Later that day, Boner—we mean, Grodner—comes by and prepares the house for the shiva. Mirrors are covered and furniture is pushed to the corners of the room. In their place, he sets five "shiva chairs," which are low-set seats for the grieving family.
Boner explains that Mort reexamined religion after he fell ill. Although the family is skeptical, their protests are cut short when Hillary drops a classic mom-style guilt trip.
As they wait for the first guests to arrive, Judd looks at the scars that run up Paul's arm.
Paul notices him looking and scowls. Judd thinks he's mad either because of the attack that caused those scars—which Paul blames him for—or the fact that Judd and Alice used to date in high school.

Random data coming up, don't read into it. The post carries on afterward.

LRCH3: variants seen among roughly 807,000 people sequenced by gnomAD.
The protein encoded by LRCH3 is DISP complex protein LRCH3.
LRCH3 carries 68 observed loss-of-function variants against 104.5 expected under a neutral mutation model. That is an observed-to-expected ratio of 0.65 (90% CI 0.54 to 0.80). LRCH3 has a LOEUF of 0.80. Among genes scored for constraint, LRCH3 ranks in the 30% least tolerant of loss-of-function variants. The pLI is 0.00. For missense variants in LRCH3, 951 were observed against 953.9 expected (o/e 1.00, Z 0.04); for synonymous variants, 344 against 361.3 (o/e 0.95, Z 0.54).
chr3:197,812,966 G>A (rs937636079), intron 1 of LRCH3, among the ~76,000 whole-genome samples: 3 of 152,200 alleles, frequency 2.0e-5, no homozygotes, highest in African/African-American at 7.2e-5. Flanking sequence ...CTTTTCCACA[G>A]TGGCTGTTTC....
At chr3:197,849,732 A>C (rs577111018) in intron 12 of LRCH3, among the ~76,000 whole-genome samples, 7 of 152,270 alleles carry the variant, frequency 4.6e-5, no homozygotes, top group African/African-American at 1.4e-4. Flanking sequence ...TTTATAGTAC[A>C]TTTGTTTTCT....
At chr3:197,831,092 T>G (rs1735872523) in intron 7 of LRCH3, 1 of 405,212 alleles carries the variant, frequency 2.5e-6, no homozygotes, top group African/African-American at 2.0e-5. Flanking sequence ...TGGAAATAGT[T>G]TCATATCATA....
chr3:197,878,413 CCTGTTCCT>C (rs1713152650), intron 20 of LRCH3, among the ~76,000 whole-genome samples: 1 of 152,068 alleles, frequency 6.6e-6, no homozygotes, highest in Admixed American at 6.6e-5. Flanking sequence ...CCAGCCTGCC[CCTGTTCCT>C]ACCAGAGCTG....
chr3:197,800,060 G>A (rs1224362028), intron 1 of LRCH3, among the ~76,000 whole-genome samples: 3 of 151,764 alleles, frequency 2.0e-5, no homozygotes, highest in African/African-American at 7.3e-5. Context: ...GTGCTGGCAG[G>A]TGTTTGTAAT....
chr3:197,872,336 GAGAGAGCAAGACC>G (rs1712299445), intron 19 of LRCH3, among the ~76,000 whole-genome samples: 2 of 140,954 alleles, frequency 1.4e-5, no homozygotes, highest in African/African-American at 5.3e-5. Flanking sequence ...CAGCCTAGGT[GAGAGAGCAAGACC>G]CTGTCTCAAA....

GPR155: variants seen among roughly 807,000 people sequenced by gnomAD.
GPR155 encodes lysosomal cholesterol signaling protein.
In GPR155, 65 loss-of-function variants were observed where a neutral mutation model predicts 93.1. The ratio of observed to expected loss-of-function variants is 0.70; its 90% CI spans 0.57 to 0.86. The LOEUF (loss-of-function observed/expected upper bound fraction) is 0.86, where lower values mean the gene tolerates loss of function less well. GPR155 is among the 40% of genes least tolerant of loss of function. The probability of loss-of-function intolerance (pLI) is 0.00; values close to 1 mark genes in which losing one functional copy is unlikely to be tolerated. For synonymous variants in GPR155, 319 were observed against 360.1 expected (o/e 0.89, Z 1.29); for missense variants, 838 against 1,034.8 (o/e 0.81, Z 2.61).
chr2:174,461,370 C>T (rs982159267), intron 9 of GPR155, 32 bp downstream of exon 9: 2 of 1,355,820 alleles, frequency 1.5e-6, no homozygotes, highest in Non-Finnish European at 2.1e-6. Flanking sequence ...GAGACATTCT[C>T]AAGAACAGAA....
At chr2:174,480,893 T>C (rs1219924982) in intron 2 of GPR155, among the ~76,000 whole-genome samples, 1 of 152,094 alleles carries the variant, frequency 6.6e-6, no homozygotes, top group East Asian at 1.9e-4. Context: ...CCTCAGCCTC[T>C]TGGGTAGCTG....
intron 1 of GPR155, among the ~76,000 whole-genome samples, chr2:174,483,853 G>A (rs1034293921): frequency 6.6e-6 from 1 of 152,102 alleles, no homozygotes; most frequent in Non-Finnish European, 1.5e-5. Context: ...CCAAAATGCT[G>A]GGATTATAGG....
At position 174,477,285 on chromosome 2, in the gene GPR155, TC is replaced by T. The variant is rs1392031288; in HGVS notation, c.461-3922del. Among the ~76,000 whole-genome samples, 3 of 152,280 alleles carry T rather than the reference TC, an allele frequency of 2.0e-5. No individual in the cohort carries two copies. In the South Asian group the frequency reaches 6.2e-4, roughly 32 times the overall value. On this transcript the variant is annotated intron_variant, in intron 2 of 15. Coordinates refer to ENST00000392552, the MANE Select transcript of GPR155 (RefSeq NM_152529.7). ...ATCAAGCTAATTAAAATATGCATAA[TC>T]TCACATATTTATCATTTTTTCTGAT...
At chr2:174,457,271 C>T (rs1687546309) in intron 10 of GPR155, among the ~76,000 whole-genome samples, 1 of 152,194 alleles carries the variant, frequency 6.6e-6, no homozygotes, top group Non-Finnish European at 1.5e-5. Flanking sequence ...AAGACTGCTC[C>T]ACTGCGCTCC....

Whoa! Things just got real.
Judd and Paul start getting passive-aggressive, which we're quickly learning is the family's favorite method of communication. (Isn't it every family's favorite method of communication?)
Thankfully, the doorbell rings and visitors begin filling the room.